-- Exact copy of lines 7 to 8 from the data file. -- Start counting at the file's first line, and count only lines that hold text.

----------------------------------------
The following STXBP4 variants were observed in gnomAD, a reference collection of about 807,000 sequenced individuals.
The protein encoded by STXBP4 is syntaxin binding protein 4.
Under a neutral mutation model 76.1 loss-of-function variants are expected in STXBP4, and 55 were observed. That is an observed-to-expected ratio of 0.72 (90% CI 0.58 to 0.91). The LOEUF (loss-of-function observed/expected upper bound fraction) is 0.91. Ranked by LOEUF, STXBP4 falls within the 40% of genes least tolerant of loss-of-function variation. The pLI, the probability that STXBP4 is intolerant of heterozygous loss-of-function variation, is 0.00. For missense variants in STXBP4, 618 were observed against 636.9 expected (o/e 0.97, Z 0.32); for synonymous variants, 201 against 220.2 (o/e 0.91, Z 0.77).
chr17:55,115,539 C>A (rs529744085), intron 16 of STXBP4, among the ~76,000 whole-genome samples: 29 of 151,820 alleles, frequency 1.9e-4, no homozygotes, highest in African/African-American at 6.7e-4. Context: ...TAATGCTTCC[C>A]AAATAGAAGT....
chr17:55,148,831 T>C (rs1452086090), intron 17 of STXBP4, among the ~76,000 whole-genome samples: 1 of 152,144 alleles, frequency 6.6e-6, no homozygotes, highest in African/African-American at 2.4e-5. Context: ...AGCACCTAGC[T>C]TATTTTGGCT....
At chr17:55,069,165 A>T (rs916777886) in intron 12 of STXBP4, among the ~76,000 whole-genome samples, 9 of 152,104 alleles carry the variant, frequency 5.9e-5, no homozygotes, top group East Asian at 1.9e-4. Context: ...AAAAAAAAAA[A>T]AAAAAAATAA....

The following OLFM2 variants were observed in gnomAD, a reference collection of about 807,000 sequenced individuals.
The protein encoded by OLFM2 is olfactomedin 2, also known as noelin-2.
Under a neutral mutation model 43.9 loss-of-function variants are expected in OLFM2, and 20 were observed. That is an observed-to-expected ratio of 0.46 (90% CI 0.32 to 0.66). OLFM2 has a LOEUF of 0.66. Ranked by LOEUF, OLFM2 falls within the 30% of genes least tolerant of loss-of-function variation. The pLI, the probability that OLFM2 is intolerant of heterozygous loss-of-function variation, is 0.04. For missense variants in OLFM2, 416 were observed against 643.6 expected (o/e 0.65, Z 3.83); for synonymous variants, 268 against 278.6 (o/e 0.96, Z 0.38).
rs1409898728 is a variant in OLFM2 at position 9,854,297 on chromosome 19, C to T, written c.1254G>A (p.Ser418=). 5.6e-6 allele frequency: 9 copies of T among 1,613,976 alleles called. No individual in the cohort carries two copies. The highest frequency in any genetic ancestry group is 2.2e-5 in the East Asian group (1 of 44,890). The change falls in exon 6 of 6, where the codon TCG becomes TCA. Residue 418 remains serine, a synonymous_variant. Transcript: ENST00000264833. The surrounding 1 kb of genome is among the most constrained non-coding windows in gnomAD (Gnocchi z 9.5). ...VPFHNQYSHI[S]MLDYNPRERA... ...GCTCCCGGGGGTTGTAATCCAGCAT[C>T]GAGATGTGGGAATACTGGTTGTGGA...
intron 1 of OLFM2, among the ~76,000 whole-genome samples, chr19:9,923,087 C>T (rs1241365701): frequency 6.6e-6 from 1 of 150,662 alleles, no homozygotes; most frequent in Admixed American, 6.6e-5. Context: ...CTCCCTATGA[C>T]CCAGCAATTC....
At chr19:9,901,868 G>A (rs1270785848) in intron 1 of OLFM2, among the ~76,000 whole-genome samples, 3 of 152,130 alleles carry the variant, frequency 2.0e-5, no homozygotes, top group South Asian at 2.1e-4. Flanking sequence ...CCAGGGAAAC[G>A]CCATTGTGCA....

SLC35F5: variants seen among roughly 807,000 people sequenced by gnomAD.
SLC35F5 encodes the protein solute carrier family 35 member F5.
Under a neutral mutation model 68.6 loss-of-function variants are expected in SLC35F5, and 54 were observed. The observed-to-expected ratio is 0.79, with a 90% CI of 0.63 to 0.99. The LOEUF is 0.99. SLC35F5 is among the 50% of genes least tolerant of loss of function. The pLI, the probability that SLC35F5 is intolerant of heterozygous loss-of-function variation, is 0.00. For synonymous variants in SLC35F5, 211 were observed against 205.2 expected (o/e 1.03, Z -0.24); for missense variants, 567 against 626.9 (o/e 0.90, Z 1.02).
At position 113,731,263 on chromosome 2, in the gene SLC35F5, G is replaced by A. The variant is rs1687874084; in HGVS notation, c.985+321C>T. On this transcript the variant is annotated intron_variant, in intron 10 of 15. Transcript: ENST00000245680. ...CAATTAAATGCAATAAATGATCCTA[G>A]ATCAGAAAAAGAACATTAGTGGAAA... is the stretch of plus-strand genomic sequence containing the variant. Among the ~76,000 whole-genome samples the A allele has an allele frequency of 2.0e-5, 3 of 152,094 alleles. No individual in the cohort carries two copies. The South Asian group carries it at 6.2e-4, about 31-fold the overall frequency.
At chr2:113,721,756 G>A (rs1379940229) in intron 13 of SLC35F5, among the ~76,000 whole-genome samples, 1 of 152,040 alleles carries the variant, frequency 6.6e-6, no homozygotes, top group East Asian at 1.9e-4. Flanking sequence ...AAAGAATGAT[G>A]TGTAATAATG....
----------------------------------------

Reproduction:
The following OLFM2 variants were observed in gnomAD, a reference collection of about 807,000 sequenced individuals.
The protein encoded by OLFM2 is olfactomedin 2, also known as noelin-2.